By Corrie M. Anders
San Francisco Examiner
LAS VEGAS, Nev. _ It's not too early for landlords and
apartment developers to start thinking about how their rental
landscape will look at the turn of the century.
Just six years from now, tenant profiles will have changed
dramatically, influencing where renters live and the type of
rentals they desire _ not to mention its effect on the bottom
line for those who fail to understand and act on the emerging
According to pundits, here's what's on the horizon:
The working class poor _ African Americans in particular _
increasingly will receive fatter paychecks that will enable them
to move out of government-subsidized rentals and into private
One third of the growth in U.S. households will come from
immigrants from Latin America and Pacific Rim countries,
increasing the multiculturalization of America.
Senior citizens represent one of the fastest growing segments of
the U.S. population. One of their must-haves is housing that
offers them a sense of security from violence.
These dramatic changes won't occur overnight. "It's going to
be a slow process rather than a big jolt," said Todd Zimmerman of
Zimmerman Associates, a Clinton, N.J., housing research and
Zimmerman and other housing specialists offered insights into
the future of multifamily housing at a discussion during last
month's convention of the National Association of Home Builders.
This may be an opportune time for strategic planning. That's
because this year signals a crossroad for multifamily housing, an
industry term that embraces both rental apartments and
Multifamily construction has been on the skids since the 1986
tax reform act wiped out most investment incentives. Last year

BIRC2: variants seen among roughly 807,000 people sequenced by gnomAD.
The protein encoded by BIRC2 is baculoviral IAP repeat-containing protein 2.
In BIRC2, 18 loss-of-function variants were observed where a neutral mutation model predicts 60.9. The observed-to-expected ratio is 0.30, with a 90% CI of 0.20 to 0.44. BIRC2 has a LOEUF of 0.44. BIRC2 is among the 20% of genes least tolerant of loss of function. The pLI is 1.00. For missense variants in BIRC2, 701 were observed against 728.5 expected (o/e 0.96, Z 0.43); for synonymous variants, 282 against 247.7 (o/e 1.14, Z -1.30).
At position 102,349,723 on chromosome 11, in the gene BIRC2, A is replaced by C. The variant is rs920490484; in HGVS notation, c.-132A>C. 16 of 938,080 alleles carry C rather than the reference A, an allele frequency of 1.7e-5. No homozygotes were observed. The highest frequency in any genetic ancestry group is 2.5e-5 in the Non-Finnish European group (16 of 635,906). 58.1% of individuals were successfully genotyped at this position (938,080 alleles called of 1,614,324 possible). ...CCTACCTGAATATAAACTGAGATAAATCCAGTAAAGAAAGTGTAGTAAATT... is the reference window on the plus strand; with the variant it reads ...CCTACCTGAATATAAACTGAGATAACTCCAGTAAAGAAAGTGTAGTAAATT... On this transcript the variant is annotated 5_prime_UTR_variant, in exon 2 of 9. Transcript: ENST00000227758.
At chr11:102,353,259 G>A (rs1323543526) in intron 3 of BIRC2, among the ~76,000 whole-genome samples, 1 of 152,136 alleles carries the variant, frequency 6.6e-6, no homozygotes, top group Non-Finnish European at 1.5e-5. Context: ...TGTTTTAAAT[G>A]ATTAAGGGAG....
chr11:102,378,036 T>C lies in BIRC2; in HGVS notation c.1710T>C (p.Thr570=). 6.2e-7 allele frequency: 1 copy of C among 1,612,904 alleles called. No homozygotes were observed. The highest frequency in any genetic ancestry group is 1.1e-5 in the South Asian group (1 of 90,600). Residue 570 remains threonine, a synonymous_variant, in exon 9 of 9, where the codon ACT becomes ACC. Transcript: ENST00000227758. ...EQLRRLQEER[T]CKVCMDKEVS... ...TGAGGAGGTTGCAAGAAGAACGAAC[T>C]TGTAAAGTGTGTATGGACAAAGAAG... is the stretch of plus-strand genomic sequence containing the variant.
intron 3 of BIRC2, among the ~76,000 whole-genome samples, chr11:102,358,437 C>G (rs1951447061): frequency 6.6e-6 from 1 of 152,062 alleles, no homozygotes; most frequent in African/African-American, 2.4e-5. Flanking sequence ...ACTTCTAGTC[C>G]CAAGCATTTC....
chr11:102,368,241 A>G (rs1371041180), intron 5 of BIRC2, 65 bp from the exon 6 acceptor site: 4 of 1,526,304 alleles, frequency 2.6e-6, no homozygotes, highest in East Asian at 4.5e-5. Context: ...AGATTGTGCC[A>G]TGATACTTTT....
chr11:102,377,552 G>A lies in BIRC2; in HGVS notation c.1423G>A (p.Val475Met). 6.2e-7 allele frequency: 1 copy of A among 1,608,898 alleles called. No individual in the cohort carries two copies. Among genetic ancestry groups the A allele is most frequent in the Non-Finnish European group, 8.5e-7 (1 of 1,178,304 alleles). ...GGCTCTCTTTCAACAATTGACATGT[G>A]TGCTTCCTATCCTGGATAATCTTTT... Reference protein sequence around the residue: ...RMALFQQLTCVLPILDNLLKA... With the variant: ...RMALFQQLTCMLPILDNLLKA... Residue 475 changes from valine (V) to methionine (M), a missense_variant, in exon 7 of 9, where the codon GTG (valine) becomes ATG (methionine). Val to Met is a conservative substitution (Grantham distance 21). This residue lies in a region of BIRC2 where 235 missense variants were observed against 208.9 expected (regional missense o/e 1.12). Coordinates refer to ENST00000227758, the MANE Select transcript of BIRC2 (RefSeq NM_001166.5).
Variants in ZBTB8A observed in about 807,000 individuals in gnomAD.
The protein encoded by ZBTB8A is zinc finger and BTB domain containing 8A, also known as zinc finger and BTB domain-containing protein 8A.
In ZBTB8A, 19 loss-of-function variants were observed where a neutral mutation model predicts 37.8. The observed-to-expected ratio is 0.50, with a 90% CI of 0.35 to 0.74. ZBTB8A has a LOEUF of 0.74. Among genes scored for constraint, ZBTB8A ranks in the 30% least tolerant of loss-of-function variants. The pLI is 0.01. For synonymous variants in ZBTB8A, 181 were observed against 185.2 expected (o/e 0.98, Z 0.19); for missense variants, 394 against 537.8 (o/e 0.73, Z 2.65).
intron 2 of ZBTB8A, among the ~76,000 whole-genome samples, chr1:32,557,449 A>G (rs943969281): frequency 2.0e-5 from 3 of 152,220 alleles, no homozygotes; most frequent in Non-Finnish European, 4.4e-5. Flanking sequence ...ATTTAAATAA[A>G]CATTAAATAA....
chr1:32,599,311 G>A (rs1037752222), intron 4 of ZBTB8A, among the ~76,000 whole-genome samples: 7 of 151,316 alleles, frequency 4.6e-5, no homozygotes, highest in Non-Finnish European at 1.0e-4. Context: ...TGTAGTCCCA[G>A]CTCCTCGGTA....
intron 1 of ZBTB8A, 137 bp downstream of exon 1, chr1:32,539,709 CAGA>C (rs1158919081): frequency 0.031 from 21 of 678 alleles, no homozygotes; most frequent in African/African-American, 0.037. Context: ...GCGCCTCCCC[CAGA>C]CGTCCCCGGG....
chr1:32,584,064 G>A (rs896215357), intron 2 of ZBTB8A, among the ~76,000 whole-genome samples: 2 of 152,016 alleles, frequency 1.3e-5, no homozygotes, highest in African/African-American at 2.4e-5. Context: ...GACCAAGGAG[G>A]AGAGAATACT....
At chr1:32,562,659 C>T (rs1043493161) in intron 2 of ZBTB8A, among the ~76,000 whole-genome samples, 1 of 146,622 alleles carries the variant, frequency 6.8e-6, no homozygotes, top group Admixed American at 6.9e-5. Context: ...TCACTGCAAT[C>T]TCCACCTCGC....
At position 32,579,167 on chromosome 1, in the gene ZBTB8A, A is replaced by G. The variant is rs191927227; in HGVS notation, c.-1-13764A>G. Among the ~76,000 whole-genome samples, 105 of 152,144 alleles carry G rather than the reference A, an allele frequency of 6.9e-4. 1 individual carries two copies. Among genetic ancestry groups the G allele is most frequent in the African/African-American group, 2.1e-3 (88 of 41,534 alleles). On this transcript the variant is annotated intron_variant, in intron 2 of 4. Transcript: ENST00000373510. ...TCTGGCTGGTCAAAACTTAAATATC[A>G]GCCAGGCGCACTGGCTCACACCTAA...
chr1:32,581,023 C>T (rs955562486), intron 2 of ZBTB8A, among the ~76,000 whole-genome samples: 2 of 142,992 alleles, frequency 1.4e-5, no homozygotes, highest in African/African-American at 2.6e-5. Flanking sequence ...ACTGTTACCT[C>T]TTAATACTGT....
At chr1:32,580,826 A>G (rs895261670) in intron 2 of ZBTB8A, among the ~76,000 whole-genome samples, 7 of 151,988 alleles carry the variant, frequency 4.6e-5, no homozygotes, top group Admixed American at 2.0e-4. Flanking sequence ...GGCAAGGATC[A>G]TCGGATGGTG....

was the worst on record for multifamily construction, with only
162,000 units going up across the country.
Multifamily housing construction has been down so long there's
no place for it to go but up. Michael Carliner, the Home
Builders' chief economist, forecasts a 25 percent jump in
construction as early as this year and another 25 percent in
Carliner told convention delegates that the 1994 increase will
be pushed by significant tax breaks for developers who build
rentals for poor people using low-income housing tax credits, a
temporary program made permanent by Congress last year. Condo
construction will fuel the 1995 increase, he said.
The changing demographics of minorities will play a major role
in tomorrow's renter profile, said Zimmerman, who cut his teeth
on housing affairs as an urban policy specialist in the
administration of former New York Mayor John Lindsay.
He predicts that low-income families _ single moms in
particular _ increasingly will be able to escape the worst of
subsidized housing in the inner city for either moderately-priced
private housing or subsidized housing in better locations and
with better schools. …